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FAQ About Condemnation


At McFarland PLLC, we handle condemnation and eminent domain cases for landowners throughout the State of Texas. Our attorneys are respected authorities in this area of law, and we are always happy to advise landowners. On this page, we will explore some of the most commonly-asked questions about condemnation and eminent domain law in Texas.

What is the difference between eminent domain and condemnation?

Eminent domain is the right of the government, or a private party acting under government authority, to take land for public use. Condemnation refers to the process of taking a landowner’s property. A statutory condemnation case is initiated by the condemning entity. An inverse condemnation case must be filed by the landowner.

Who can take my property?

Under Texas and federal eminent domain laws, public entities such as federal, state, and local agencies have the right to take property for “public use.” Certain private entities also enjoy this power, as long as they are acting under delegated authority. Public projects for which private property may be acquired through eminent domain law include highways and roads, detention, drainage, and flood control, schools, airports, pipelines, electric transmission lines, and public utilities.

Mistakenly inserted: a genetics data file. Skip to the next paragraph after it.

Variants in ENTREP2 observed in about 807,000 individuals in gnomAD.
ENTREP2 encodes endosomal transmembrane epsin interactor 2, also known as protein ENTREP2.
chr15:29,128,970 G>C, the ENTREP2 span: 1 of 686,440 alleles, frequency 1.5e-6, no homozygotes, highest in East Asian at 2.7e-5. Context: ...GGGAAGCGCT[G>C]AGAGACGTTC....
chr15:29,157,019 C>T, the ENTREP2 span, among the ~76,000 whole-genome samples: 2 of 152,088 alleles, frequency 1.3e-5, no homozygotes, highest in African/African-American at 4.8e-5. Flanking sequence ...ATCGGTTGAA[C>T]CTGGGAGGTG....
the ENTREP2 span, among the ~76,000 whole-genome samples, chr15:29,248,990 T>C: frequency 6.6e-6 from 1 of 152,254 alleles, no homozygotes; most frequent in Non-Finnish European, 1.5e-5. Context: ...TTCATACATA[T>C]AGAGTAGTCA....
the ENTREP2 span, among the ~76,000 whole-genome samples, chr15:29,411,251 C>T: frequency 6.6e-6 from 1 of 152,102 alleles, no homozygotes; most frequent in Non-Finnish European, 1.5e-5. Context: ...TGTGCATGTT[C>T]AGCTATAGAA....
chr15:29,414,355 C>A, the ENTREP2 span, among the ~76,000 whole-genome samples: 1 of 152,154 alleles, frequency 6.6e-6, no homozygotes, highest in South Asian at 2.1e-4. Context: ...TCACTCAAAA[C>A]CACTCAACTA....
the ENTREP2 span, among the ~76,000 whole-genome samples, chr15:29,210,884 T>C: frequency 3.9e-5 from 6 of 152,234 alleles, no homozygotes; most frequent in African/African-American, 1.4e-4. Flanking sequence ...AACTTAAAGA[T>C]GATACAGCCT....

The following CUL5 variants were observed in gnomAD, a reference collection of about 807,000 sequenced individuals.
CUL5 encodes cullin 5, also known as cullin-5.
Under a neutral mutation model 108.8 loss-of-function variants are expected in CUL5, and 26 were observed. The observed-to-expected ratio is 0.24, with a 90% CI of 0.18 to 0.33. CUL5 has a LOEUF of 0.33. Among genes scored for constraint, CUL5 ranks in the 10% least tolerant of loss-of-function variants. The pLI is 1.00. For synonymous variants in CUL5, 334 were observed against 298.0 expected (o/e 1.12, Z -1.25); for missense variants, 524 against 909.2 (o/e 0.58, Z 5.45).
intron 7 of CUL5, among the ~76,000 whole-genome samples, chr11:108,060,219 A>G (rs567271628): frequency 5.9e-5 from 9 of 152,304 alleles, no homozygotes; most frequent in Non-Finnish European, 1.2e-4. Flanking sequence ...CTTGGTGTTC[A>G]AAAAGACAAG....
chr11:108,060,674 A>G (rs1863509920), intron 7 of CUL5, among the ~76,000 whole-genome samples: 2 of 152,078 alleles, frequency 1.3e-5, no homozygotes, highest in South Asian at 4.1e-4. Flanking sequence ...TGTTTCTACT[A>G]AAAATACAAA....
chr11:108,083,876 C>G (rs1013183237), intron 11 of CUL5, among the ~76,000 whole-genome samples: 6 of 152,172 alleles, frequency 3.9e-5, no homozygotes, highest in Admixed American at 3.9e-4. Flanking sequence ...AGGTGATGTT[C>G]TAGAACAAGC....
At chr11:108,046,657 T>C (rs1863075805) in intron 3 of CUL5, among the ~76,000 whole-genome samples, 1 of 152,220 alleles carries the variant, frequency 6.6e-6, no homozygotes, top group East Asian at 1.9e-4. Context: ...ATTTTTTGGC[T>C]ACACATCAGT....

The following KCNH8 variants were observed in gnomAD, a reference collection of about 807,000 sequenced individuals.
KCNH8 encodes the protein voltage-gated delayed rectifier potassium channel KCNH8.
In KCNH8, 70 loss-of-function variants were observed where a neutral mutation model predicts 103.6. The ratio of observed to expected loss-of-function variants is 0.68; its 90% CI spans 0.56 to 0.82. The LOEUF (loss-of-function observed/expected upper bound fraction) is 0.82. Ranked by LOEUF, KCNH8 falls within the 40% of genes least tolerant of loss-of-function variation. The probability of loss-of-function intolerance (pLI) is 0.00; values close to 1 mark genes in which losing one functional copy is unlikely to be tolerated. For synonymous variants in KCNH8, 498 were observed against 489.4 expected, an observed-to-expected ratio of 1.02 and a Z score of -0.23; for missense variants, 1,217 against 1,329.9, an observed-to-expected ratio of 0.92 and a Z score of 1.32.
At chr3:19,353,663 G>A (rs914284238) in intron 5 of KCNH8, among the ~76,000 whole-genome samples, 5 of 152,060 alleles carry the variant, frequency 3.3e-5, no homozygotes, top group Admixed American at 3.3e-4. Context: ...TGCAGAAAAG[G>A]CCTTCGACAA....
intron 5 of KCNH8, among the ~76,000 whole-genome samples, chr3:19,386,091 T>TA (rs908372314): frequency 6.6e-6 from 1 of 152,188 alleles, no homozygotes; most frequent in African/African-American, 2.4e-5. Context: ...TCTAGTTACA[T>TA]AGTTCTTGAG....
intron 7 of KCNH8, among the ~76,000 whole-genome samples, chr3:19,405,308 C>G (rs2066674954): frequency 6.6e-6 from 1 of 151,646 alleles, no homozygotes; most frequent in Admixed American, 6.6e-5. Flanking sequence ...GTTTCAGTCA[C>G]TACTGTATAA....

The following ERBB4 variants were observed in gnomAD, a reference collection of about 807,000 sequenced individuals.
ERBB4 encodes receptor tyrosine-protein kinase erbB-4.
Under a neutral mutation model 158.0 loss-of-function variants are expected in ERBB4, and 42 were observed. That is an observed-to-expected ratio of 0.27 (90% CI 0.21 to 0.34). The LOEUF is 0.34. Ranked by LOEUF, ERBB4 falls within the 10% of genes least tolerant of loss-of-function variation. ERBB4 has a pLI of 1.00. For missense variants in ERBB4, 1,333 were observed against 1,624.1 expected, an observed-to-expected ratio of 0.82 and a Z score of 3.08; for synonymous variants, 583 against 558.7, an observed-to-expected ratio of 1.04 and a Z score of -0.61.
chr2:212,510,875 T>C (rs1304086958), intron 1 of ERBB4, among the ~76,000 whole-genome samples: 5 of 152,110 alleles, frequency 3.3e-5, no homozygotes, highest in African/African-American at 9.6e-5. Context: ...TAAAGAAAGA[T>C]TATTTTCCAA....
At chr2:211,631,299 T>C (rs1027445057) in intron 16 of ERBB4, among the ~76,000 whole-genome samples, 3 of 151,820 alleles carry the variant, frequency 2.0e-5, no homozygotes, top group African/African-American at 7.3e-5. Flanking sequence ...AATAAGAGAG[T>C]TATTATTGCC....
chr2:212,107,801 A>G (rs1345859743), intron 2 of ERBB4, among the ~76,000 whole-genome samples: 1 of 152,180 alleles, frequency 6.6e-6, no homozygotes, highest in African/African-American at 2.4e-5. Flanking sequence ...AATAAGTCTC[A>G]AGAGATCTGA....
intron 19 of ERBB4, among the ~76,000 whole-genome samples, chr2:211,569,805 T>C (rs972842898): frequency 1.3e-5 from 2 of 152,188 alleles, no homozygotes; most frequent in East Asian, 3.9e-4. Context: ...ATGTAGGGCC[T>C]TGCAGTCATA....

Can a lawyer help me keep my land?

The answer, in most cases, is no. Eminent domain laws are powerful, and only in rare situations can landowners stop public entities from taking their property. Where a lawyer can make a difference is in making sure the proper procedure is followed and helping you obtain maximum compensation. A skilled eminent domain attorney knows how to put together a compensation claim that gets you the full and fair value for your land and will fight for every cent to which you are entitled.

How much do you charge?

We are typically paid a percentage of the increased recovery we are able to obtain for clients over and above what is offered by the condemning entity. If we are not able to obtain an increase, we are not owed a fee. Under certain circumstances, we are available on an hourly-fee basis, although this is not typically recommended as it exposes the client to the risk of paying more in attorneys’ fees than the increase achieved since it is impossible to know how much process will be required to get the condemning authority to pay a fair amount of compensation.

How long will the process take?

The length of a condemnation case depends upon a number of factors, including the complexity of the case and the amount in controversy. Cases against governmental entities such as the state typically take longer and can take months, or even years, to resolve. Cases against private companies delegated the power of eminent domain typically run much faster.

Get Answers To Your Specific Questions

Every case is unique. To learn how Texas eminent domain law applies to your specific circumstances, talk with an experienced lawyer. You can reach our law offices online or by telephone at 713-325-9700.